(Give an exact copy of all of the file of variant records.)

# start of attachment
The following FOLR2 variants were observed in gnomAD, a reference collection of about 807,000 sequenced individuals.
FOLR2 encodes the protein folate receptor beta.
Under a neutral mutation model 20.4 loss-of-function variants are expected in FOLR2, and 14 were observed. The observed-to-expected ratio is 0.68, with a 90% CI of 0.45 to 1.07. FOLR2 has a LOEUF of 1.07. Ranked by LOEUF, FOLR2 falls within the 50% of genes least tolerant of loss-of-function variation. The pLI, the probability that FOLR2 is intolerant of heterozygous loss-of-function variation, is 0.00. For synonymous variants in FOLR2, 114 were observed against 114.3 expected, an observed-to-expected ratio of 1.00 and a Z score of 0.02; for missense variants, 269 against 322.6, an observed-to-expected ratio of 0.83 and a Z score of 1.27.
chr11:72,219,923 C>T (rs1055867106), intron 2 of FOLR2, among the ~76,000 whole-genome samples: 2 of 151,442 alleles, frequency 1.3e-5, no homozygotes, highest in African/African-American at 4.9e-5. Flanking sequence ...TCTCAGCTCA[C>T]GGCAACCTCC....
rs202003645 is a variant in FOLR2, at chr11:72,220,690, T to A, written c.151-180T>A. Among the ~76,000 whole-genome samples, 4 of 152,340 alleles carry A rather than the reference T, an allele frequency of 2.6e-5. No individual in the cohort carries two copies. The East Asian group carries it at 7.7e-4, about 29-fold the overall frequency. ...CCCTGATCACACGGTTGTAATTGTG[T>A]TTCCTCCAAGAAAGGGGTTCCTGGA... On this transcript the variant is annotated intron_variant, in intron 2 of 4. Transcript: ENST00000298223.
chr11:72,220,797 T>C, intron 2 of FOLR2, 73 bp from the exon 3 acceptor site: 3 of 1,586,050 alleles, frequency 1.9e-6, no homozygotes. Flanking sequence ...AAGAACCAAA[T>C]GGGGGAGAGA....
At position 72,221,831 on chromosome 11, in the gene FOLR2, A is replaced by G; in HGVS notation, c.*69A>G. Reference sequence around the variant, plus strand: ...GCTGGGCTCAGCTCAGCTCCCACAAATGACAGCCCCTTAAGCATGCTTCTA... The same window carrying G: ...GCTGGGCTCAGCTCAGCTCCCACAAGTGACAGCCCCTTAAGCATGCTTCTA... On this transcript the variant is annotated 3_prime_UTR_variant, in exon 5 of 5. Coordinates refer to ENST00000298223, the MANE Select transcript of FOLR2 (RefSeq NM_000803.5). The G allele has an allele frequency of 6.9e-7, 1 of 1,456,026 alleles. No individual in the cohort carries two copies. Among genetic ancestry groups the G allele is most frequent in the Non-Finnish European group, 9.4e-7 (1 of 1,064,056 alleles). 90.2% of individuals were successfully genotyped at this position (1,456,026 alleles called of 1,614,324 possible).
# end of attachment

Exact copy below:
The following FOLR2 variants were observed in gnomAD, a reference collection of about 807,000 sequenced individuals.
FOLR2 encodes the protein folate receptor beta.
Under a neutral mutation model 20.4 loss-of-function variants are expected in FOLR2, and 14 were observed. The observed-to-expected ratio is 0.68, with a 90% CI of 0.45 to 1.07. FOLR2 has a LOEUF of 1.07. Ranked by LOEUF, FOLR2 falls within the 50% of genes least tolerant of loss-of-function variation. The pLI, the probability that FOLR2 is intolerant of heterozygous loss-of-function variation, is 0.00. For synonymous variants in FOLR2, 114 were observed against 114.3 expected, an observed-to-expected ratio of 1.00 and a Z score of 0.02; for missense variants, 269 against 322.6, an observed-to-expected ratio of 0.83 and a Z score of 1.27.
chr11:72,219,923 C>T (rs1055867106), intron 2 of FOLR2, among the ~76,000 whole-genome samples: 2 of 151,442 alleles, frequency 1.3e-5, no homozygotes, highest in African/African-American at 4.9e-5. Flanking sequence ...TCTCAGCTCA[C>T]GGCAACCTCC....
rs202003645 is a variant in FOLR2, at chr11:72,220,690, T to A, written c.151-180T>A. Among the ~76,000 whole-genome samples, 4 of 152,340 alleles carry A rather than the reference T, an allele frequency of 2.6e-5. No individual in the cohort carries two copies. The East Asian group carries it at 7.7e-4, about 29-fold the overall frequency. ...CCCTGATCACACGGTTGTAATTGTG[T>A]TTCCTCCAAGAAAGGGGTTCCTGGA... On this transcript the variant is annotated intron_variant, in intron 2 of 4. Transcript: ENST00000298223.
chr11:72,220,797 T>C, intron 2 of FOLR2, 73 bp from the exon 3 acceptor site: 3 of 1,586,050 alleles, frequency 1.9e-6, no homozygotes. Flanking sequence ...AAGAACCAAA[T>C]GGGGGAGAGA....
At position 72,221,831 on chromosome 11, in the gene FOLR2, A is replaced by G; in HGVS notation, c.*69A>G. Reference sequence around the variant, plus strand: ...GCTGGGCTCAGCTCAGCTCCCACAAATGACAGCCCCTTAAGCATGCTTCTA... The same window carrying G: ...GCTGGGCTCAGCTCAGCTCCCACAAGTGACAGCCCCTTAAGCATGCTTCTA... On this transcript the variant is annotated 3_prime_UTR_variant, in exon 5 of 5. Coordinates refer to ENST00000298223, the MANE Select transcript of FOLR2 (RefSeq NM_000803.5). The G allele has an allele frequency of 6.9e-7, 1 of 1,456,026 alleles. No individual in the cohort carries two copies. Among genetic ancestry groups the G allele is most frequent in the Non-Finnish European group, 9.4e-7 (1 of 1,064,056 alleles). 90.2% of individuals were successfully genotyped at this position (1,456,026 alleles called of 1,614,324 possible).